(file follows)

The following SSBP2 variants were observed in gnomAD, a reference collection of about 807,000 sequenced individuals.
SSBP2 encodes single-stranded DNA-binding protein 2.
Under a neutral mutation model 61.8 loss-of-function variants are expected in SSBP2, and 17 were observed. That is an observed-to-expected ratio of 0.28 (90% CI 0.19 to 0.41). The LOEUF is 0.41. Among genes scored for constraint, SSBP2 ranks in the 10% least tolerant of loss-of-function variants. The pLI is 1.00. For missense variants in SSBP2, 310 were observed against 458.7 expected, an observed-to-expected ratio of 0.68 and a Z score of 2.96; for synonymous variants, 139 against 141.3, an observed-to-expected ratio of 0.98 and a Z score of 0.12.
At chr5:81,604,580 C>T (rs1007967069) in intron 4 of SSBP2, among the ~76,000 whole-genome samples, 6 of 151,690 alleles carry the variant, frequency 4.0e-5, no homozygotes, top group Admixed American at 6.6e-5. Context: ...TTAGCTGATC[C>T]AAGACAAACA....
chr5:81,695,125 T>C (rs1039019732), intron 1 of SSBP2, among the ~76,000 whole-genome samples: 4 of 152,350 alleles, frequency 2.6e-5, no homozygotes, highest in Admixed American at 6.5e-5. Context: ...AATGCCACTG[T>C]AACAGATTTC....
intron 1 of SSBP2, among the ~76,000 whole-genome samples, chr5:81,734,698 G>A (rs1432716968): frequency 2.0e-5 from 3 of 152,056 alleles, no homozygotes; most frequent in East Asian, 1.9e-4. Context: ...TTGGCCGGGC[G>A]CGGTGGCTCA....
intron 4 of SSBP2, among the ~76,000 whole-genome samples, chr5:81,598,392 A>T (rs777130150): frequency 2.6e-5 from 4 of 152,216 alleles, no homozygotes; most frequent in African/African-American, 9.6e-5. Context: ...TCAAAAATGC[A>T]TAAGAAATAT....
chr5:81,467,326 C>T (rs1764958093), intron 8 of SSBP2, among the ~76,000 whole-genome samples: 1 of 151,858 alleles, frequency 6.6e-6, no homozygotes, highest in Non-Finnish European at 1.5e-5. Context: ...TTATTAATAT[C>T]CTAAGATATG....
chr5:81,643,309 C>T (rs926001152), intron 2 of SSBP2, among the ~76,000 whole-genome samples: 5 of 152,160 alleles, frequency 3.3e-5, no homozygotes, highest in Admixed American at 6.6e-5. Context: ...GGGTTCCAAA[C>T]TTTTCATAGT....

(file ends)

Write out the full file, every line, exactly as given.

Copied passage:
The following SSBP2 variants were observed in gnomAD, a reference collection of about 807,000 sequenced individuals.
SSBP2 encodes single-stranded DNA-binding protein 2.
Under a neutral mutation model 61.8 loss-of-function variants are expected in SSBP2, and 17 were observed. That is an observed-to-expected ratio of 0.28 (90% CI 0.19 to 0.41). The LOEUF is 0.41. Among genes scored for constraint, SSBP2 ranks in the 10% least tolerant of loss-of-function variants. The pLI is 1.00. For missense variants in SSBP2, 310 were observed against 458.7 expected, an observed-to-expected ratio of 0.68 and a Z score of 2.96; for synonymous variants, 139 against 141.3, an observed-to-expected ratio of 0.98 and a Z score of 0.12.
At chr5:81,604,580 C>T (rs1007967069) in intron 4 of SSBP2, among the ~76,000 whole-genome samples, 6 of 151,690 alleles carry the variant, frequency 4.0e-5, no homozygotes, top group Admixed American at 6.6e-5. Context: ...TTAGCTGATC[C>T]AAGACAAACA....
chr5:81,695,125 T>C (rs1039019732), intron 1 of SSBP2, among the ~76,000 whole-genome samples: 4 of 152,350 alleles, frequency 2.6e-5, no homozygotes, highest in Admixed American at 6.5e-5. Context: ...AATGCCACTG[T>C]AACAGATTTC....
intron 1 of SSBP2, among the ~76,000 whole-genome samples, chr5:81,734,698 G>A (rs1432716968): frequency 2.0e-5 from 3 of 152,056 alleles, no homozygotes; most frequent in East Asian, 1.9e-4. Context: ...TTGGCCGGGC[G>A]CGGTGGCTCA....
intron 4 of SSBP2, among the ~76,000 whole-genome samples, chr5:81,598,392 A>T (rs777130150): frequency 2.6e-5 from 4 of 152,216 alleles, no homozygotes; most frequent in African/African-American, 9.6e-5. Context: ...TCAAAAATGC[A>T]TAAGAAATAT....
chr5:81,467,326 C>T (rs1764958093), intron 8 of SSBP2, among the ~76,000 whole-genome samples: 1 of 151,858 alleles, frequency 6.6e-6, no homozygotes, highest in Non-Finnish European at 1.5e-5. Context: ...TTATTAATAT[C>T]CTAAGATATG....
chr5:81,643,309 C>T (rs926001152), intron 2 of SSBP2, among the ~76,000 whole-genome samples: 5 of 152,160 alleles, frequency 3.3e-5, no homozygotes, highest in Admixed American at 6.6e-5. Context: ...GGGTTCCAAA[C>T]TTTTCATAGT....